Eventually the overemphasis on quarterbacks will take its toll on pro football. It's become a rather boring, ridiculously one-dimensional game, as bad as the "chicks dig the long ball" era of baseball. If the NFL wants to bring me back as a fan, find a way to restore the balance between running and passing.

It's not all sunshine and rainbows for the NFL, either; concussion awareness is going to threaten the NFL's position atop the sports hill, if not its existence, as we look a few decades down the road.
Linemen will be replaced with robots, since no one really cares about those players anyway.
   6. Howie Menckel Posted: January 12, 2014 at 11:55 AM (#4636850)

"If the NFL wants to bring me back as a fan, find a way to restore the balance between running and passing."

Tom Brady has thrown fewer passes in his last 3 games than in any 3-game stretch of his entire pro career. Welcome back, TerpNats!
   7. McCoy Posted: January 12, 2014 at 12:00 PM (#4636854)
It always amuses me to find that one person or so that found "chicks dig the long ball" to be boring and that baseball needs to change to become popular again or in this case bring them back. One one hand you have 20 million fans and on the other hand they have two fans. They don't care if you don't like a passing dominant game or a home run dominant game because the numbers quite obviously show that lots and lots of people do like it.
   8. Sean Forman Posted: January 12, 2014 at 01:07 PM (#4636882)
I know that Bud is all consumed with metrics like attendance and TV revenues (both of which have little to do with his stewardship of the game, and the latter of which I think is a totally unsustainable bubble). But I think the sport is doing a very poor job of maintaining and cultivating a fan base in a sustainable way.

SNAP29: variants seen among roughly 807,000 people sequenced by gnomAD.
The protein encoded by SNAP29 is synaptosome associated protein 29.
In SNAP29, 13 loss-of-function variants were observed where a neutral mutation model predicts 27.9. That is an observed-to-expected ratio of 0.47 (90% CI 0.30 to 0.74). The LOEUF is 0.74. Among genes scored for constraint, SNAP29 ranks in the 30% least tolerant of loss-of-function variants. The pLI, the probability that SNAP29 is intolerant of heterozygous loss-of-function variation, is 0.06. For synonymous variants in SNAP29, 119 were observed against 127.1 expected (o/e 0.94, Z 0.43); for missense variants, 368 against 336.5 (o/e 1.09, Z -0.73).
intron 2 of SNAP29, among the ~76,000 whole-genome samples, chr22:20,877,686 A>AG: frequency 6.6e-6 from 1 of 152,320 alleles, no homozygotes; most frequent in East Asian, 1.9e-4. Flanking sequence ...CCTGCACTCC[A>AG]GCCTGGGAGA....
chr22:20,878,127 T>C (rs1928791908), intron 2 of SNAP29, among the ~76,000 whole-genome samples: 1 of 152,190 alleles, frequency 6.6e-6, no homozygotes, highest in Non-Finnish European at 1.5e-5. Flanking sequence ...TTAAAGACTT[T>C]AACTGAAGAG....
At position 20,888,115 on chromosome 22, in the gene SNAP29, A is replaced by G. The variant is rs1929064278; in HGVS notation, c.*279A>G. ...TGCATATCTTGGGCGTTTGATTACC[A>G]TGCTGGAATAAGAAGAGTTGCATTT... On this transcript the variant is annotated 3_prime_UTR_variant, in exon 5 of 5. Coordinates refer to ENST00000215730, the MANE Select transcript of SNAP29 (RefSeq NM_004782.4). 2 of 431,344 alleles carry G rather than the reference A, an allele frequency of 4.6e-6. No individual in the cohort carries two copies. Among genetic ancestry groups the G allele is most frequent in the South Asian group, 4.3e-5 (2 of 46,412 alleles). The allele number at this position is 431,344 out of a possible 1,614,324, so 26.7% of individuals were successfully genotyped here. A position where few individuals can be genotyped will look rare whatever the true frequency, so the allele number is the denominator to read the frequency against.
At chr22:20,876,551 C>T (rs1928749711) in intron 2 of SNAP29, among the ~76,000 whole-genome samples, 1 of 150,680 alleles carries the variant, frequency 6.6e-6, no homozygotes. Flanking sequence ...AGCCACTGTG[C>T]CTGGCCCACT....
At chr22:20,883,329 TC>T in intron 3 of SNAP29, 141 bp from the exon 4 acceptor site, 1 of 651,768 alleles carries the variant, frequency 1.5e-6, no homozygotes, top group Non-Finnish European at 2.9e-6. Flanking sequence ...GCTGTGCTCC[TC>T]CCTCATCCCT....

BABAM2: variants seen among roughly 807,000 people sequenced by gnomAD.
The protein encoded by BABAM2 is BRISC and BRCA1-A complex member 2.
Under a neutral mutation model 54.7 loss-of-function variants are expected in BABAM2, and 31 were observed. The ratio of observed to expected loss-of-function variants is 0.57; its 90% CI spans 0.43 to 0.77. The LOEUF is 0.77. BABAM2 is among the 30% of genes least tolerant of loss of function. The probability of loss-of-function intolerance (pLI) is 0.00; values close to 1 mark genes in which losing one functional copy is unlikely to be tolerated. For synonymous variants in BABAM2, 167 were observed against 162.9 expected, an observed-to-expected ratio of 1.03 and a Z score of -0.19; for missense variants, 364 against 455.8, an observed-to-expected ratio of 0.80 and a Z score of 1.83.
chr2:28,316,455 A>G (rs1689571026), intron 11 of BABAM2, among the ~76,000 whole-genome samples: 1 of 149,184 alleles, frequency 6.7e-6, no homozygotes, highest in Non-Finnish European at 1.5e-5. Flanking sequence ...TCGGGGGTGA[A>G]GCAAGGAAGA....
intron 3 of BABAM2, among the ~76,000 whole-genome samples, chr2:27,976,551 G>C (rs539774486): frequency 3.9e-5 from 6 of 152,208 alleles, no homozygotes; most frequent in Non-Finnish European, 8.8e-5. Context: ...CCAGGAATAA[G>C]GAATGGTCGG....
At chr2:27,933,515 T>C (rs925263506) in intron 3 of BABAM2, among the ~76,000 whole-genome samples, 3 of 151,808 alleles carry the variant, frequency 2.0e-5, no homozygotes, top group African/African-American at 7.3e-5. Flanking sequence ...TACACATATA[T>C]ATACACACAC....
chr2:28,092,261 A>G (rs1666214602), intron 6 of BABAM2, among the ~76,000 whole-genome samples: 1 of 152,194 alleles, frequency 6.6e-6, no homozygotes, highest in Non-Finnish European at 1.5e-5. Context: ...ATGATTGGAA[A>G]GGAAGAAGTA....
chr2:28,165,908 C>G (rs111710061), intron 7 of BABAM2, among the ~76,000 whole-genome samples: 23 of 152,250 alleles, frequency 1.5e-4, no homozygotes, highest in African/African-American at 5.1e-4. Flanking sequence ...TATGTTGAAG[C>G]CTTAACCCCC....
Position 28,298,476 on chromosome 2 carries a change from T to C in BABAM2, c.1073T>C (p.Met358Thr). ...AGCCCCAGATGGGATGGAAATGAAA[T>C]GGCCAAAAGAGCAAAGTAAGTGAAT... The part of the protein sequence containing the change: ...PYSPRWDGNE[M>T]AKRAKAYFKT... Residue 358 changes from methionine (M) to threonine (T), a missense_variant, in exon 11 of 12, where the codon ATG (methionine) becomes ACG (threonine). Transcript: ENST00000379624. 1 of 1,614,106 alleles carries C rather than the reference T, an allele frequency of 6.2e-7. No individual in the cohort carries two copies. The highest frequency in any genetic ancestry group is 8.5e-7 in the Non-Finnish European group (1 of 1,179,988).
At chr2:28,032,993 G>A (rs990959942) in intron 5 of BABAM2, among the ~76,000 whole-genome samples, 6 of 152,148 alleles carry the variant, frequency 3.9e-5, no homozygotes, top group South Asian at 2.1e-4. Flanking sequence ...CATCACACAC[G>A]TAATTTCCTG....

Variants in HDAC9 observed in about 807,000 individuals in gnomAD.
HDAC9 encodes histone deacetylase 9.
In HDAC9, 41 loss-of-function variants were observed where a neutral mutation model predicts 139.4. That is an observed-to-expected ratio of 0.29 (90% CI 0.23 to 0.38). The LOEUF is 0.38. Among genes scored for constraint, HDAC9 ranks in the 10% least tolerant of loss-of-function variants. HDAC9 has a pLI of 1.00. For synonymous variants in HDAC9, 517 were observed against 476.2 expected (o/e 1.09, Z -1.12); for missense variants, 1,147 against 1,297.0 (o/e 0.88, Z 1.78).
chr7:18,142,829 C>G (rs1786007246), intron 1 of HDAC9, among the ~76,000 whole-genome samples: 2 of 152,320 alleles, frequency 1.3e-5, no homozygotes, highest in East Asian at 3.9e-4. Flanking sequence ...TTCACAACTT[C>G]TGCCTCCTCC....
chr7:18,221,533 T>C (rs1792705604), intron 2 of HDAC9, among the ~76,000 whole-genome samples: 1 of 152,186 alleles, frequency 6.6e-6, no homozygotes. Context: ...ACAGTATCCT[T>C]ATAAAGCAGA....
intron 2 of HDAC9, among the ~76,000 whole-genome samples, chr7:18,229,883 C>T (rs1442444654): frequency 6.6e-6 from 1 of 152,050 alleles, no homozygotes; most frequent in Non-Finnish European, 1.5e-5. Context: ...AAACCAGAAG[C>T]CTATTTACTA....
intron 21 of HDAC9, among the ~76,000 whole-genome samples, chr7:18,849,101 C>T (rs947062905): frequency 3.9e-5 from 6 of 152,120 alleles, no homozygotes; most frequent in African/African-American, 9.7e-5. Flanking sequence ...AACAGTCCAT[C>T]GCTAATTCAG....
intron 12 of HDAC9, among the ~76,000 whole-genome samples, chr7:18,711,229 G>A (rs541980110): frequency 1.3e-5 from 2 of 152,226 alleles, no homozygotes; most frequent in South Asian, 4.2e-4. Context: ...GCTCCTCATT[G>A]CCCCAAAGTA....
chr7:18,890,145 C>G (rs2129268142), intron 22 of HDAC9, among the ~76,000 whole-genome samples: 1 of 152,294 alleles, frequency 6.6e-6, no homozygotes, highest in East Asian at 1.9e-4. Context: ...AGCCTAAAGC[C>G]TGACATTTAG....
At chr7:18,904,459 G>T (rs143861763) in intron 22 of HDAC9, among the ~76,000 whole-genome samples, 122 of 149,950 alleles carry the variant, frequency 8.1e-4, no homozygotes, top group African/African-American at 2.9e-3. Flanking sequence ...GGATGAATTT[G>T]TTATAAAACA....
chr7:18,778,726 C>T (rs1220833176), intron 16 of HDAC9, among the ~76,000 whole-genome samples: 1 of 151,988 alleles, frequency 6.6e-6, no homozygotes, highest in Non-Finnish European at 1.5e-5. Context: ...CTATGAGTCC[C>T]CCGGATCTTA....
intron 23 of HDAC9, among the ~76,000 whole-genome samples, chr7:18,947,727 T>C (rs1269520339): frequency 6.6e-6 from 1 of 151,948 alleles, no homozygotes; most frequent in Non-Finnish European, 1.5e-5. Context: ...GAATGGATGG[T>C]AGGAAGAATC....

Are you saying that the NFL isn't chasing every last dollar? It's societal I think. Football just appeals to the current fan more. It just does.
   9. Athletic Supporter can feel the slow rot Posted: January 12, 2014 at 01:11 PM (#4636887)
It's not all sunshine and rainbows for the NFL, either; concussion awareness is going to threaten the NFL's position atop the sports hill, if not its existence, as we look a few decades down the road.


I'm not sure about this. No one watching football thinks that it's a safe sport. By this point, everyone knows that football players die younger and that concussions are bad and it doesn't seem to have made any dent in viewership. I don't think quantifying the effects of concussions is really going to change anything. I suppose that it might get people to stop *playing* football at lower levels, resulting in decreased talent, but as in any sport* I'm not really sure the average fan would notice or care about decreased talent (there might be the occasional case of a two-sport athlete prominently giving up football, but that's not going to move the consciousness).